Introduce this type of interview at the beginning of the school year with a “getting-to-know-you” interview. Instead of students telling others about themselves, have them interview a classmate and prepare a digital story that introduces them to the rest of the students. The results of the interview might take the form of an oral presentation or a visual collage, but the process involves asking questions and retelling answers in your own words based on what you found interesting.
A different approach is to ask students to craft fictitious interviews with animals and objects they personify, book characters, and people from the past. Sharing factual information in story form helps students avoid simple repetition of facts or direct copy and paste. By crafting answers in first-person, students must rewrite facts and provide context and perspective for them, helping them develop a deeper understanding of their meaning and impact. Crafting interviews also builds critical thinking and communication skills as students arrange, prioritize, order, combine, plan, and dramatize.
Kids love animals, so use this love to build research, questioning, and communication skills. In second and third grade, students are likely to need guidance with both research and questioning.
For students who would benefit from more of a challenge, consider asking them not to interview a single animal, but to instead personify and interview a plant or object in the animal's habitat. For example, instead of interviewing a Golden Lion Tamarin, interview a Goji berry, something the tamarin eats. This allows students to conduct an interview that shares information about the entire rainforest ecosystem and its interconnectedness.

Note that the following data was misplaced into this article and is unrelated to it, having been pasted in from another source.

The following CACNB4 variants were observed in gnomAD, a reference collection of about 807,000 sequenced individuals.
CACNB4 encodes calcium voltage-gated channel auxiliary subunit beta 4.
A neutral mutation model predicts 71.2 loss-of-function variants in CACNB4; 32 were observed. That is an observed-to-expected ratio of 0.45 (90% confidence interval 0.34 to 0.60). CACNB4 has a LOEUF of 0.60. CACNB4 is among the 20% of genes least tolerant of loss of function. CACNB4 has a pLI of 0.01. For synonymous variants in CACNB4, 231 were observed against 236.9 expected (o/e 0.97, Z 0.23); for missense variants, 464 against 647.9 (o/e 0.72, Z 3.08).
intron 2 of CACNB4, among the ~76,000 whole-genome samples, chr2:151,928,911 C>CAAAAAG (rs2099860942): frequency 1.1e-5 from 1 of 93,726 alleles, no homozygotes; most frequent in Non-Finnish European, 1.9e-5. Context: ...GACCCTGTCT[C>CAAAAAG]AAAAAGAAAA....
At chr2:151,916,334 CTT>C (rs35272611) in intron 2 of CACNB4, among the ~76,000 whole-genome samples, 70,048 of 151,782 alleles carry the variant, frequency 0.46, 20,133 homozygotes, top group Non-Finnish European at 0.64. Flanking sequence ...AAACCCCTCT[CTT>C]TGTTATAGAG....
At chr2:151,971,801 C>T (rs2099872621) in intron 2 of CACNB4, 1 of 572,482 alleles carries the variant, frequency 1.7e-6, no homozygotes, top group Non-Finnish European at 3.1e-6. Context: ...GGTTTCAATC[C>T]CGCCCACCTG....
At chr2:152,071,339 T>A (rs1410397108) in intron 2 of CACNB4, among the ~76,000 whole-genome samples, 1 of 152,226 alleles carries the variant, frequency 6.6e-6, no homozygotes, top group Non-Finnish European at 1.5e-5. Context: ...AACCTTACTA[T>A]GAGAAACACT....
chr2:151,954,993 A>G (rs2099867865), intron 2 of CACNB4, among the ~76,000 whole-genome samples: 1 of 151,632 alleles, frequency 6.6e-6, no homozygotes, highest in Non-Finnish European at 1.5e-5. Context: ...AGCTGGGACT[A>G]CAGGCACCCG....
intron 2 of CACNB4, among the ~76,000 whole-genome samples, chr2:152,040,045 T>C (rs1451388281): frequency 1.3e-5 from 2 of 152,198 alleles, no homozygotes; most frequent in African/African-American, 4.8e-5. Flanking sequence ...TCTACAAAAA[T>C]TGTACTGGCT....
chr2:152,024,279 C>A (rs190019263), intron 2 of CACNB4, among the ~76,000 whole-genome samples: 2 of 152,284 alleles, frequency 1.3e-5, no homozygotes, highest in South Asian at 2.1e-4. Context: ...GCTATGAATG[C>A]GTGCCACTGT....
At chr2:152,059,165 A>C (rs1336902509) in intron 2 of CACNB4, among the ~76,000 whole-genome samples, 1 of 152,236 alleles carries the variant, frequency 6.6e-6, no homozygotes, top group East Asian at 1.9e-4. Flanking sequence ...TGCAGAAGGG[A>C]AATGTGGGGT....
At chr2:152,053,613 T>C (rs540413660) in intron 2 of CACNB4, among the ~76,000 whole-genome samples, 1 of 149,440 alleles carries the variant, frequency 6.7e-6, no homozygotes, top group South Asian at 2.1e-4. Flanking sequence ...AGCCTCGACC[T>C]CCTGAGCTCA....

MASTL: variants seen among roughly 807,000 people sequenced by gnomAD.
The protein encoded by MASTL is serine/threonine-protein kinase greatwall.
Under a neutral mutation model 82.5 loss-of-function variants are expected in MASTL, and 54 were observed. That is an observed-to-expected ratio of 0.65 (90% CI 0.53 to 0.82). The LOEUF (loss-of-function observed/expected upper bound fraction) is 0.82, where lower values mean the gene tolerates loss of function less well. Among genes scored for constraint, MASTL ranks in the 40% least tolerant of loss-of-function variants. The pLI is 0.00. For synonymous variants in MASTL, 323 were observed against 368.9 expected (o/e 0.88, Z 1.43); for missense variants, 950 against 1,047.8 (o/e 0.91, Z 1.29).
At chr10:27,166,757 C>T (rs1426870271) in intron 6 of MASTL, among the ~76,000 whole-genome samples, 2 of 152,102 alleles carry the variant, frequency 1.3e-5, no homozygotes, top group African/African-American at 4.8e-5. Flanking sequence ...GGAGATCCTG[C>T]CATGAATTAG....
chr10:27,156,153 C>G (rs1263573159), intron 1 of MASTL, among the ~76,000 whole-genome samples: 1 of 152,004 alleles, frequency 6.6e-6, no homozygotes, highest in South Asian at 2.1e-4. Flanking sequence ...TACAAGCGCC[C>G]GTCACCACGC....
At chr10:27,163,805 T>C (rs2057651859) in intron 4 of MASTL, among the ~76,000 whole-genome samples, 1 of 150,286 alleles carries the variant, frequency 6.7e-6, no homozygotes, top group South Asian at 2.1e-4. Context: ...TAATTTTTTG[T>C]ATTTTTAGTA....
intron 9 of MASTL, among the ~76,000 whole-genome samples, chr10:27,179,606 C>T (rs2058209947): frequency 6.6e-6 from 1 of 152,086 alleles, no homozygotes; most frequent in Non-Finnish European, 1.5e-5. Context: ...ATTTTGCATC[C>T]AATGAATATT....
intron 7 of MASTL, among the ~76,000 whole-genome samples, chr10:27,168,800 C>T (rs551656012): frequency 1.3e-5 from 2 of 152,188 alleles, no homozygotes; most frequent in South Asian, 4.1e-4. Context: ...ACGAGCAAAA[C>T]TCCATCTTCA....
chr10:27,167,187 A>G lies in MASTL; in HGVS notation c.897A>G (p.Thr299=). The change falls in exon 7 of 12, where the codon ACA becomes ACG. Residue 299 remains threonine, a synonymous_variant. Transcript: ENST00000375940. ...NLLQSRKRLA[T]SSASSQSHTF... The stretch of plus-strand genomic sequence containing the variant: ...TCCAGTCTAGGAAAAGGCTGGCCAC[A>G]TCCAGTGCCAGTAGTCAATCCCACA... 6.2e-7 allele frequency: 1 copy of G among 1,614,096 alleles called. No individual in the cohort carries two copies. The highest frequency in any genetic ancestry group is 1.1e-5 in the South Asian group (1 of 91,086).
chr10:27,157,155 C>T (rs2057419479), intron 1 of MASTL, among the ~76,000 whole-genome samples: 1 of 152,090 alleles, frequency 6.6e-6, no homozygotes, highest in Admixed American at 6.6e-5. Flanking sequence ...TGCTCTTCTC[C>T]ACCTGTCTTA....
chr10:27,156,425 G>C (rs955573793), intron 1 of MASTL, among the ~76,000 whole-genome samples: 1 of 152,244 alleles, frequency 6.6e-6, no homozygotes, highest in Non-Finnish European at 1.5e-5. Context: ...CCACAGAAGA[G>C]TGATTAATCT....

Interviewing historical figures, or personified artifacts, is a great way to connect students to the past. They build empathy and better understand point of view as they tell the story of history from the perspective of a single person or object.
Choosing an artifact will retell history from the perspective of the author of the interview. Interviewing a single historical figure can help students understand how history is viewed from a range of perspectives, depending on the factors such as age, race, class, gender, and experience.
Interviewing a character from a book helps students identify less obvious character traits and better comprehend why a character acts and behaves the way they do.
An interview with a single character from a book is a great performance assessment for character comprehension. An interview between two different characters in a text requires even more comprehension of traits, behaviors, experiences, and perspectives.